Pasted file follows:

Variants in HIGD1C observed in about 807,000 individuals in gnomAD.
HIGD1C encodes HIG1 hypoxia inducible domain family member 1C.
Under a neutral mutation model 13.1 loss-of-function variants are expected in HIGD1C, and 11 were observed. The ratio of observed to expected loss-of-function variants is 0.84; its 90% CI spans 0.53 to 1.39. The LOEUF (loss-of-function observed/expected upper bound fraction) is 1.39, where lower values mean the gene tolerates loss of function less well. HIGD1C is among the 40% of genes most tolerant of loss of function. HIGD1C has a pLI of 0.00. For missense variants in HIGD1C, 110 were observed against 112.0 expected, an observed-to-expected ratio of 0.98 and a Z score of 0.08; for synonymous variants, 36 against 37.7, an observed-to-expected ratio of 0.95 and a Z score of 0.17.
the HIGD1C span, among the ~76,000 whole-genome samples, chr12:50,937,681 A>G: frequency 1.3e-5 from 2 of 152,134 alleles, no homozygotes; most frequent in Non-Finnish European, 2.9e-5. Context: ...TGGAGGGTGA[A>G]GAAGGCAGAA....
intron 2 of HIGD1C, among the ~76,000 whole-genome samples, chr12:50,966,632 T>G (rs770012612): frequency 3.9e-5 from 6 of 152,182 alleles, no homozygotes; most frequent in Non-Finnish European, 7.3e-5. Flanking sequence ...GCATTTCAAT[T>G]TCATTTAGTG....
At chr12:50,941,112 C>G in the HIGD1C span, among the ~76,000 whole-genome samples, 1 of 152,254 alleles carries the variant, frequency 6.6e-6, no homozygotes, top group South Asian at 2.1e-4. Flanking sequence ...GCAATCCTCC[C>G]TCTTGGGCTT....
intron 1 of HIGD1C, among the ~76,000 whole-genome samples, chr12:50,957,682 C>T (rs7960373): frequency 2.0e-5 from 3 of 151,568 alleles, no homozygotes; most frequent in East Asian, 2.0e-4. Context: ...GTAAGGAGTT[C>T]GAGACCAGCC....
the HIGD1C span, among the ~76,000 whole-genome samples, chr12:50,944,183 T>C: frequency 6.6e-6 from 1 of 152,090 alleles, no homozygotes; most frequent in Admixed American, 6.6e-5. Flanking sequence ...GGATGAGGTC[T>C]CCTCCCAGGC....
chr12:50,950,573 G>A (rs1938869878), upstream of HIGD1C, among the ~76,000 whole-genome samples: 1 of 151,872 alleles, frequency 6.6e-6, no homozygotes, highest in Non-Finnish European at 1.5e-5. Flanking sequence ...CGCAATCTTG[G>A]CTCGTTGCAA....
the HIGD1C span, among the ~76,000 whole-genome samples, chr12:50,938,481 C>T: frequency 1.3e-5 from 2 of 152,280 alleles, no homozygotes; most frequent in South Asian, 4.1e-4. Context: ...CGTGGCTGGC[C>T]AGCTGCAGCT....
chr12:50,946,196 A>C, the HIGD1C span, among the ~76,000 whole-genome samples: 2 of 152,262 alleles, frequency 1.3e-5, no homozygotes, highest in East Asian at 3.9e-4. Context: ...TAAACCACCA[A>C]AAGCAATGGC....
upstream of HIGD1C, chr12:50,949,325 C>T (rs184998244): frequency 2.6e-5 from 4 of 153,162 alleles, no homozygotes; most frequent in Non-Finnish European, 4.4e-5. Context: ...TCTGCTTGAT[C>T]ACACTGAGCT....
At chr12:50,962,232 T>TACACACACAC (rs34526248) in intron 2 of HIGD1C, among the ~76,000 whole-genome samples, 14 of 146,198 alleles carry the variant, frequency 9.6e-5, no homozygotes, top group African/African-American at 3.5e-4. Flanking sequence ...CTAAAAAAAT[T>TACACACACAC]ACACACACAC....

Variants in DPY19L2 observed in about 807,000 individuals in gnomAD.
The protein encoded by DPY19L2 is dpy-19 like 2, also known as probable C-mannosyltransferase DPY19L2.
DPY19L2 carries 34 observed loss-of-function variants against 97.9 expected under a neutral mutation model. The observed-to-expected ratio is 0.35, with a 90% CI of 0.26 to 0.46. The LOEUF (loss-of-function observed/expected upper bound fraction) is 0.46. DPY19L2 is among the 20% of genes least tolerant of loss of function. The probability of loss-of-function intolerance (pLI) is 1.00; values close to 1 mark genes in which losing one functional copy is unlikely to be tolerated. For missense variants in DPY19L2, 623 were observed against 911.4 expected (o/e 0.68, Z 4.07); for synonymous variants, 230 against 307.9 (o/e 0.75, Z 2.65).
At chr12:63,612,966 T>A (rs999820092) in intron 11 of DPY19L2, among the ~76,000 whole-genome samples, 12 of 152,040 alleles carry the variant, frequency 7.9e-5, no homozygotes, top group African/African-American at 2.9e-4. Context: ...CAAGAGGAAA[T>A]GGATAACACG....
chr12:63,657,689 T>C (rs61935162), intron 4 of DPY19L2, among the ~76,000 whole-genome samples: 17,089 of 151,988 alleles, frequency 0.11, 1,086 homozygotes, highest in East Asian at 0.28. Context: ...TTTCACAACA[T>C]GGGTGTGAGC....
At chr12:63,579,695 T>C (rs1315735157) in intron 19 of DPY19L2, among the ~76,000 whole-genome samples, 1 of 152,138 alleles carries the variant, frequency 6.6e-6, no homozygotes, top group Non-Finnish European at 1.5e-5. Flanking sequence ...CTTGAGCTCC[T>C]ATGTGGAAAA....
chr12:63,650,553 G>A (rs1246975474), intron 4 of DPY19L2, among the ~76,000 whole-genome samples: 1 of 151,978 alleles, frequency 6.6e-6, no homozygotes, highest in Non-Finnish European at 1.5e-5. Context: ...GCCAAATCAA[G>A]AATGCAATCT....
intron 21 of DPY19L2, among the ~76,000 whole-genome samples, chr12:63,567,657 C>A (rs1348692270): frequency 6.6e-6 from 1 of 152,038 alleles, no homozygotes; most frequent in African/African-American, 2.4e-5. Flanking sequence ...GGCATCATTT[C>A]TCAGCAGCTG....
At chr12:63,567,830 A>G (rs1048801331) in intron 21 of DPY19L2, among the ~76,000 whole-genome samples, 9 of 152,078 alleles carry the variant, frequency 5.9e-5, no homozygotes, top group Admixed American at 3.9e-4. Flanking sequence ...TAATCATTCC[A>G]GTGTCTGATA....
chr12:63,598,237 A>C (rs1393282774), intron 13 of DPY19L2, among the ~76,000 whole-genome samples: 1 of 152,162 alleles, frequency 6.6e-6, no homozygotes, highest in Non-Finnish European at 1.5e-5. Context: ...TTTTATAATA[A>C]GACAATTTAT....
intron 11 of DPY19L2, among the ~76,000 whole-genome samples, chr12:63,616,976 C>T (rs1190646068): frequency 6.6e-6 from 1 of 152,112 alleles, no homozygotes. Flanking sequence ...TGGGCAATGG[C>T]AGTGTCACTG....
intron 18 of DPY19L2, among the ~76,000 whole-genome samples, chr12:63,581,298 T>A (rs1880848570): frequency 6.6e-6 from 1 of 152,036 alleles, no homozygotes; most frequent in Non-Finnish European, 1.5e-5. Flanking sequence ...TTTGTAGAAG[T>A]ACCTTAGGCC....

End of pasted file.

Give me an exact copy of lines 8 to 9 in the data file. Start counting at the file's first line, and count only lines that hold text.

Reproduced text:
the HIGD1C span, among the ~76,000 whole-genome samples, chr12:50,944,183 T>C: frequency 6.6e-6 from 1 of 152,090 alleles, no homozygotes; most frequent in Admixed American, 6.6e-5. Flanking sequence ...GGATGAGGTC[T>C]CCTCCCAGGC....
chr12:50,950,573 G>A (rs1938869878), upstream of HIGD1C, among the ~76,000 whole-genome samples: 1 of 151,872 alleles, frequency 6.6e-6, no homozygotes, highest in Non-Finnish European at 1.5e-5. Flanking sequence ...CGCAATCTTG[G>A]CTCGTTGCAA....